Dir. Irfan Kamal. India. 2008. 120 mins
The global success of Slumdog Millionaire might help to create some curiosity about Thanks Maa, a sentimental melodrama set amongst Mumbai’s street children. Actor-turned-writer/director Irfan Kamal attempts a somewhat similar blend of urban fairytale and social commentary as Slumdog, but lacks the sure emotional touch and bravura filmmaking instincts that distinguished Danny Boyle’s Oscar-winner. Atmospheric scenes of street life in Mumbai and some engaging child performances might be sufficient to attract a slim audience in some territories, but contrived story developments and unsophisticated tugs at the heartstrings could make this a difficult sell.
Events are often heavy-handed and obvious, with a thundering musical score merely adding to the relentless tear-jerking of the final half hour
Kamal immediately establishes the canvas of his story with scenes capturing the daily lives of the many Indian children forced to survive on their wits. The wily scams, incorrigible wheeler dealing, dirt and poverty will be familiar to anyone who has ever visited a sprawling Indian city. The film finds its focus in the life of Municipality Ghatkopar (Shams), a twelve year-old boy with his own moral code and an idealised notion of motherhood. He still nurtures the belief that one day he may be reunited with his own mother.
Sent to reform school for his part in the theft of a wallet, Municipality escapes the clutches of a lecherous adult, but witnesses a two-day-old baby being abandoned on the school’s doorstep. He snatches the child and vows to return him to his mother regardless of the personal cost, and takes his parental responsibilities seriously – insisting, for example, that nobody smokes or swears around the baby.
The picaresque saga of his attempts to reunite mother and child proves to be a character-building exercise in which Municipality gains a more realistic view of the pressures on Indian mothers and we learn details of the staggering number of the country’s infants who are abandoned on a daily basis. The film closes with a montage of newspaper stories and heartfelt headlines underlining the fact that Thanks Maa may be fiction but it is a reflection of millions of true stories.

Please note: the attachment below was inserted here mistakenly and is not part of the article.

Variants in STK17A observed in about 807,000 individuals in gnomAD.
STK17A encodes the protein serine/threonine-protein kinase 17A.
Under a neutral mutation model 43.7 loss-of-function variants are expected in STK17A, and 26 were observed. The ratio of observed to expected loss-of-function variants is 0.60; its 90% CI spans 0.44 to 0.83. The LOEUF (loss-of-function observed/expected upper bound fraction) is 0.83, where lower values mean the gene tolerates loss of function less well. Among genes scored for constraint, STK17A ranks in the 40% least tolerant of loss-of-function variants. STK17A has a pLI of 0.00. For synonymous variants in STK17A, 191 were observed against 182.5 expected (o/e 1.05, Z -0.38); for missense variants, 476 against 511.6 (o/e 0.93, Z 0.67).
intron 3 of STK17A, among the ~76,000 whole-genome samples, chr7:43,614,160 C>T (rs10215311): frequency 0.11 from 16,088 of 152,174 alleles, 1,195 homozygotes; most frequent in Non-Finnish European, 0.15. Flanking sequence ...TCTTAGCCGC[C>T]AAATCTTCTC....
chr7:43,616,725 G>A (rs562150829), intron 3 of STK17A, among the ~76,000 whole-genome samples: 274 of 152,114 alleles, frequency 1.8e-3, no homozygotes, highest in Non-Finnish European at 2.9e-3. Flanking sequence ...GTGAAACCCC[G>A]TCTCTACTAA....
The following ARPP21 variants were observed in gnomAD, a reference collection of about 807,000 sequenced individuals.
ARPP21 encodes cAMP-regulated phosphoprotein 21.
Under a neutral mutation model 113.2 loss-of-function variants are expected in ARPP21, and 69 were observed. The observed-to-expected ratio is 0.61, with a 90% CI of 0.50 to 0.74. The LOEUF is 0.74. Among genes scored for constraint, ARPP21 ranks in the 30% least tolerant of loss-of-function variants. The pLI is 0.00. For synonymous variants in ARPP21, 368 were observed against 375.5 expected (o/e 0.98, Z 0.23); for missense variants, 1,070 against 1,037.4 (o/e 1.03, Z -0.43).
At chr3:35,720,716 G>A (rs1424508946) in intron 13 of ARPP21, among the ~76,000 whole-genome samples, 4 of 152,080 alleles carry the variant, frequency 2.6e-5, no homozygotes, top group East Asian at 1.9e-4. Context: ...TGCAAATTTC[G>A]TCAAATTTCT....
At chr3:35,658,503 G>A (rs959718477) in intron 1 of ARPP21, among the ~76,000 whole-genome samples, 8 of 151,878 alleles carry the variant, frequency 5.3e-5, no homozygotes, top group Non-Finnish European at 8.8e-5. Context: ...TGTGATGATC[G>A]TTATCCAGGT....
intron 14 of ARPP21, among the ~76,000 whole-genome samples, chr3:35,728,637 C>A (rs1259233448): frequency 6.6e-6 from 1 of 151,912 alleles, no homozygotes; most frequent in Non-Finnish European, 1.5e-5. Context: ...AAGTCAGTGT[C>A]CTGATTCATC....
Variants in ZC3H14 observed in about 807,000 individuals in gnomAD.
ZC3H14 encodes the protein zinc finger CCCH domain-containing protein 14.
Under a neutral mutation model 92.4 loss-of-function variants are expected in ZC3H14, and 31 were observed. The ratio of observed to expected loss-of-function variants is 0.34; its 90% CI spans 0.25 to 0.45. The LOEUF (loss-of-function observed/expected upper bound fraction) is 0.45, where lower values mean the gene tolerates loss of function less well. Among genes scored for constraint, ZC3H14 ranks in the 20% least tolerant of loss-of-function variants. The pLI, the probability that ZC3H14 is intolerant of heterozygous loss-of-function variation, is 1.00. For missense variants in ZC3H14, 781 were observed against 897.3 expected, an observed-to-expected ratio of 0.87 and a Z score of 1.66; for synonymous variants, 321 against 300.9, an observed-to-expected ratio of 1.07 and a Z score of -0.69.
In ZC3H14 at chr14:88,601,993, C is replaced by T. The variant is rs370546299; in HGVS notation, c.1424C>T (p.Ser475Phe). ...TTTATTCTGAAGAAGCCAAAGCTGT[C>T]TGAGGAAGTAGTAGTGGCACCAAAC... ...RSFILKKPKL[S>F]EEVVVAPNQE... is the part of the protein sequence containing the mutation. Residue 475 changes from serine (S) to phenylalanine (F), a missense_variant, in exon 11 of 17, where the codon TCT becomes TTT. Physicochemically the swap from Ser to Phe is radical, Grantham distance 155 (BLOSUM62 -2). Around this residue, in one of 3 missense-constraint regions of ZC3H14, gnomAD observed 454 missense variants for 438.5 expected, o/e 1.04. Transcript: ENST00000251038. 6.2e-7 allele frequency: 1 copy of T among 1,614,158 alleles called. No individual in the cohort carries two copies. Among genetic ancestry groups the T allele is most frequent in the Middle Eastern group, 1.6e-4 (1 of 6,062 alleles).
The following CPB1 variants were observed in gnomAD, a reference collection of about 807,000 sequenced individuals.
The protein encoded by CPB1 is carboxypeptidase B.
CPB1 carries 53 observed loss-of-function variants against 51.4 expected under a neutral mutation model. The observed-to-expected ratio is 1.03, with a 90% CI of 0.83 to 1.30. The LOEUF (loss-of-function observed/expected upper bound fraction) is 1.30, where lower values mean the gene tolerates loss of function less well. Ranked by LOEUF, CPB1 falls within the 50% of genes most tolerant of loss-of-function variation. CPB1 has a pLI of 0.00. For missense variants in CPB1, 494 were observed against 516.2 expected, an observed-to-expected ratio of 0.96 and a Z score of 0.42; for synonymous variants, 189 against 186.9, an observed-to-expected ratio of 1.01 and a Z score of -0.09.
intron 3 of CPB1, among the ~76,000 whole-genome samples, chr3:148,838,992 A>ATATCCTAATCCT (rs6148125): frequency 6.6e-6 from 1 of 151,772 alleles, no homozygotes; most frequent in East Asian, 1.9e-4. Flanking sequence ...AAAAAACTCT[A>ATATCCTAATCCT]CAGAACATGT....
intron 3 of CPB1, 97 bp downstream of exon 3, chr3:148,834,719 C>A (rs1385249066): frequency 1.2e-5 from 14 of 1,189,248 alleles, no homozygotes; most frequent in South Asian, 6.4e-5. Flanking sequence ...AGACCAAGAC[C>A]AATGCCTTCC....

But Thanks Maa suffers from the fact that it seems to have taken some of its inspiration from a Dickens novel as we are asked to accept amazing coincidences and shock revelations in Municipality’s life. Events are often heavy-handed and obvious, with a thundering musical score merely adding to the relentless tear-jerking of the final half hour. Some editing to tighten the running time may be helpful.
The male adult characters of abusive guardians, worthless drunks, lecherous fathers and kindly priests are broadly sketched and the performances are mostly overstated. Kamal has much greater success in his work with the child actors who seem much more relaxed and spontaneous, especially Master Shams as Municipality. A wide-eyed charmer, he has a shining sincerity that makes the character hard to resist. His heart-and-soul commitment to the character is touching and lends the film a good part of its appeal.
IDream Independent Pictures
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Vishal Vijay Kumar